Overcast
68°FOvercastFull Forecast

Finding work with a disability

Advocates say attitudes are changing

Published: Wednesday, July 16, 2014 10:42 p.m. CDT
Caption
(Rob Winner — rwinner@shawmedia.com)
Anthony Cornoyer places pitchers of ice water on the dining tables before dinner is served July 9 at Joliet Terrace. Cornoyer, 22, a dietary aid for Joliet Terrace, received help landing the position from Cornerstone Services, Inc.
Caption
(Rob Winner — rwinner@shawmedia.com)
Anthony Cornoyer works in the kitchen sorting dishware before dinner is served July 9 at Joliet Terrace.
Caption
(Rob Winner — rwinner@shawmedia.com)
Anthony Cornoyer waits for a dishwasher to run through a cycle before dinner is served July 9 at Joliet Terrace.

JOLIET – Claire Radtke hopes to one day live independently. 

The Joliet resident, who has a developmental disability, doesn’t want to have to depend on her family for everything. Last year, Radtke, 38, was able to come one step closer to that goal by getting a job cleaning kitchens at Joliet Junior College with help from Cornerstone Services Inc. 

Working in the kitchen and being around friendly co-workers is something Radtke enjoys. 

“It builds up my self-esteem and I enjoy talking to other people that I come in contact with,” she said.

The positive change in her life, as well as in others with developmental disabilities who work, is why Illinois advocates support the rights of people with cognitive or developmental disabilities to find employment. Advocates say there are misconceptions about the skills of people with developmental disabilities and it is important to correct those.

A national employment services and outcome report from the Institute for Community Inclusion shows the number of people with cognitive disabilities in Illinois was 286,732 in 2012, and 64,628 of those people were employed. In 2008, 75,406 people with cognitive disabilities were employed.

The economic recession in 2009 is largely to blame for the decrease in employment, said Jennifer Kowalkowski, director of employment services for Cornerstone Services.

Many companies had hiring freezes and tried to do more with fewer workers, Kowalski said.

“There were so many people out of work that they could get more people with more skills into those jobs than people with cognitive disabilities,” she said.

Recently, Kowalkowski has seen improvement in job opportunities for people with developmental disabilities. Among many programs offered by Cornerstone Services Inc., one is that it helps people with disabilities find work. About 143 people secured jobs from the agency this year, and about the same number did last year. In 2009 and 2010, the agency found jobs for between 80 and 90 people each year.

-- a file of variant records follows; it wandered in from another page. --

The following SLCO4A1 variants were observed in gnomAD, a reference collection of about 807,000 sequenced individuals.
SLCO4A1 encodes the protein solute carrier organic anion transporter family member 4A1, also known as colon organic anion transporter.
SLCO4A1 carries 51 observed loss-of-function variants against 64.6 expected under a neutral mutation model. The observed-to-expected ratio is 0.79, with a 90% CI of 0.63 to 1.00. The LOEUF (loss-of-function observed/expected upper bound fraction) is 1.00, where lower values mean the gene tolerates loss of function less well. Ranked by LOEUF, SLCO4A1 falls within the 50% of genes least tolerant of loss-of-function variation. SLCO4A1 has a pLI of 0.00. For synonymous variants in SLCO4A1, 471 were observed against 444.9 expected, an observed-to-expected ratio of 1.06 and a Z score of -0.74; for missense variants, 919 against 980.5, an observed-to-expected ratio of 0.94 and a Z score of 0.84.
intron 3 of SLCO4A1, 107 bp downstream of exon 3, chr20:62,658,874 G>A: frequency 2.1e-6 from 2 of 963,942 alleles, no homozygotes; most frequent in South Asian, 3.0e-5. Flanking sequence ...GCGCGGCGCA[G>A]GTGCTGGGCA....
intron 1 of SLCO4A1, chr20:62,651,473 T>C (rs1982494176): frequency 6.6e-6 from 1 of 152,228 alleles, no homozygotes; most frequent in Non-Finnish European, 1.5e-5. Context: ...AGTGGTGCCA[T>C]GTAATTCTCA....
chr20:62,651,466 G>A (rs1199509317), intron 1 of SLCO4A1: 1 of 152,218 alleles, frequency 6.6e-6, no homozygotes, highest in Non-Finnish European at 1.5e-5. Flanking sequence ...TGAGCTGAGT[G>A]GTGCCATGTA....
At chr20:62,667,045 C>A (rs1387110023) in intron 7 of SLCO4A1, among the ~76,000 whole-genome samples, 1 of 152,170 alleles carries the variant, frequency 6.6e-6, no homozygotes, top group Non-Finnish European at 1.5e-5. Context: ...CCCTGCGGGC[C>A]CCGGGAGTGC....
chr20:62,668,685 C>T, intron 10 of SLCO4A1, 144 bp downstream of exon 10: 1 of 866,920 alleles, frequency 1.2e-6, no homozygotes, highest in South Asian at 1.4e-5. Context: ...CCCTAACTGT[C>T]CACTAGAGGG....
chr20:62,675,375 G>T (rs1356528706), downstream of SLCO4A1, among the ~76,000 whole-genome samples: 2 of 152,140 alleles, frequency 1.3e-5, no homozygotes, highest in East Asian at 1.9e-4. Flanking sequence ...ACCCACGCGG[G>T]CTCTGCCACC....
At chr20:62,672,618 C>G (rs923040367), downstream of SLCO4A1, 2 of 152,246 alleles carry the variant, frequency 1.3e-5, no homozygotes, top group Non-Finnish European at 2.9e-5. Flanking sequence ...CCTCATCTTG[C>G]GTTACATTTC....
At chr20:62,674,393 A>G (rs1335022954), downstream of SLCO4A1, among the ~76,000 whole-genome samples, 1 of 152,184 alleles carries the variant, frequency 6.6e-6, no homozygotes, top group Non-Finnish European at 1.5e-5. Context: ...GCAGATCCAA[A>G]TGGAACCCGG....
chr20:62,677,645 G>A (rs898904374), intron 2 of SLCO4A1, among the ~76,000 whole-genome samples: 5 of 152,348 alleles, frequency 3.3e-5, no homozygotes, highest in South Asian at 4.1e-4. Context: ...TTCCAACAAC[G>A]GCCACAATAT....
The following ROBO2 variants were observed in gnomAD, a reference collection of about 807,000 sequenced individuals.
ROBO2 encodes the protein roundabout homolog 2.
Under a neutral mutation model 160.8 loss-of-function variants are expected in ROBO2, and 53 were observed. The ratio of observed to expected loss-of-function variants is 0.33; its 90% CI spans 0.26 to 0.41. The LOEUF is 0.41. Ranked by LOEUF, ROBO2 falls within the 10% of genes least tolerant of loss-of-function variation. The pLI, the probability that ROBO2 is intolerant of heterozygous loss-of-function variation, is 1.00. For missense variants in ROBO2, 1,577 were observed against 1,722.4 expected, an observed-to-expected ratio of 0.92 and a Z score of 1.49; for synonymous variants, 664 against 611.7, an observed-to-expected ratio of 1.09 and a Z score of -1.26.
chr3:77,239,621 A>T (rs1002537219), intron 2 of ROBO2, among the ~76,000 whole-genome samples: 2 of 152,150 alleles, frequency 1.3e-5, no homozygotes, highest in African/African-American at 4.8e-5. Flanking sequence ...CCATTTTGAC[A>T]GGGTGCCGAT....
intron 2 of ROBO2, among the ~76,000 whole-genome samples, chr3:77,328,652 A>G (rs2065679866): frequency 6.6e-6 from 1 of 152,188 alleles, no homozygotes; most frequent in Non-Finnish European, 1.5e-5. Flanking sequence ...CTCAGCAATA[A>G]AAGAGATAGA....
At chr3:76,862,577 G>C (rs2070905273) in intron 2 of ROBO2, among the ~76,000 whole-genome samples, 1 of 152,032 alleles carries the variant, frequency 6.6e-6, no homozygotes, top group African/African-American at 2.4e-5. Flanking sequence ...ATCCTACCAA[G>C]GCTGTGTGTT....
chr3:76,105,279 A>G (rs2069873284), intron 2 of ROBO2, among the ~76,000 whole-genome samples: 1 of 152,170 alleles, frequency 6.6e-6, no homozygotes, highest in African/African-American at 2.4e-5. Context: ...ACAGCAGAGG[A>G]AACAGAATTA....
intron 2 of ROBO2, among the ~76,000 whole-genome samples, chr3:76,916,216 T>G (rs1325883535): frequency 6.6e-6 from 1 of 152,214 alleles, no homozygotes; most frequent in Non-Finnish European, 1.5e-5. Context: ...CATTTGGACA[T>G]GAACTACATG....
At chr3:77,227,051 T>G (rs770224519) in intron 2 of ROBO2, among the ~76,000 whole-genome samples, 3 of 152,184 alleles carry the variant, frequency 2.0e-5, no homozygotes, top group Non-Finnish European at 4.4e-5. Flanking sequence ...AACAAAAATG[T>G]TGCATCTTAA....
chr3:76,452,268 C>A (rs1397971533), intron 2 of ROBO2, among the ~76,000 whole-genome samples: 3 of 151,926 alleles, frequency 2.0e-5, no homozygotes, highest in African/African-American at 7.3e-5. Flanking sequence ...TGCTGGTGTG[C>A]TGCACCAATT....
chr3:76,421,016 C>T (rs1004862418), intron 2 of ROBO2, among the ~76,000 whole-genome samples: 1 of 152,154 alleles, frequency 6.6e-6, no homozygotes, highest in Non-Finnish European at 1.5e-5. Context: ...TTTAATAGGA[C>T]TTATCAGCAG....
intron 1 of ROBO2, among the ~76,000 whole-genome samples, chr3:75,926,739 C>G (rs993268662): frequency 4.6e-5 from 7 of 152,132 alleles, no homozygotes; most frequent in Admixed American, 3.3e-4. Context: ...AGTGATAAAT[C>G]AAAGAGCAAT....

People with an intellectual or developmental disability are not able to compete as well as others in the job market, said Tony Paulauski, executive director of Frankfort-based Arc of Illinois, an advocacy organization for people with disabilities.

But a law signed last year by Gov. Pat Quinn that makes employment for people with developmental disabilities a priority has been an important step in making sure they are able to find work, he said. The law requires all state agencies to work together to make competitive employment for people possible and establish measurable goals for the state. 

“Our identities are so closely tied to the work that we do, and that’s no different for people with disabilities,” he said. 

Anthony Cornoyer, 22, of Shorewood, was driven to get a job he wanted, said Katherine Coke, his career counselor at Cornerstone Services. Cornoyer, who has a developmental disability, was able to find work as a dietary aide at the Joliet Terrace nursing center. 

“I just don’t like to be sitting in a house all day,” he said. 

Coke said finding a job for someone with a developmental disability depends on their attitude and if the job is suitable for their skills. As a career counselor, she helps clients like Cornoyer assess their skills and prepare for jobs. 

“The biggest benefit is if the clients get the job because they really want to be there,” she said.

It’s a benefit for employers, too. People with disabilities who work a job can find friendship, connection and sense of purpose. Companies in turn are able to get workers who can be reliable and a beneficial asset to them, Paulauski said. 

Paulauski said he sees a change in stereotypes about people with developmental disabilities, as does Margaret Harkness, program specialist with the Illinois Council on Developmental Disabilities. She said the change is coming from a more inclusive educational system. 

Harkness recalls one young woman with Down syndrome who was initially told she was unemployable. But with much support from her family and a job coach, she was able to work at a child care center and she’s now preparing to live on her own. 

“For someone who was initially at home and, ‘Oh, she’ll never work,’ she’s got a completely full life now,” Harkness said. 

BY THE NUMBERS

Number of people with a cognitive disability in Illinois employed:

• 2008: 75,406• 2009: 68,986• 2010: 59,228• 2011: 70,098• 2012: 64,628

• Percentage of people with no disability who were employed in 2012:72 percent

• Percentage of people with a cognitive disability who were employed in 2012:22.5 percent

Source: 2013 Institute for Community Inclusion State Data National Report on Employment Services and Outcomes

Previous Page|1|2|Next Page

Get breaking and town-specific news sent to your phone. Sign up for text alerts from the Suburban Life Media.

Comments

Watch Now

Player embeded on all SLM instances for analytics purposes.

iFLY brings skydiving indoors

More videos »
 

Reader Poll

What was your favorite school age with your kids?
Grade school
Middle school
High school
College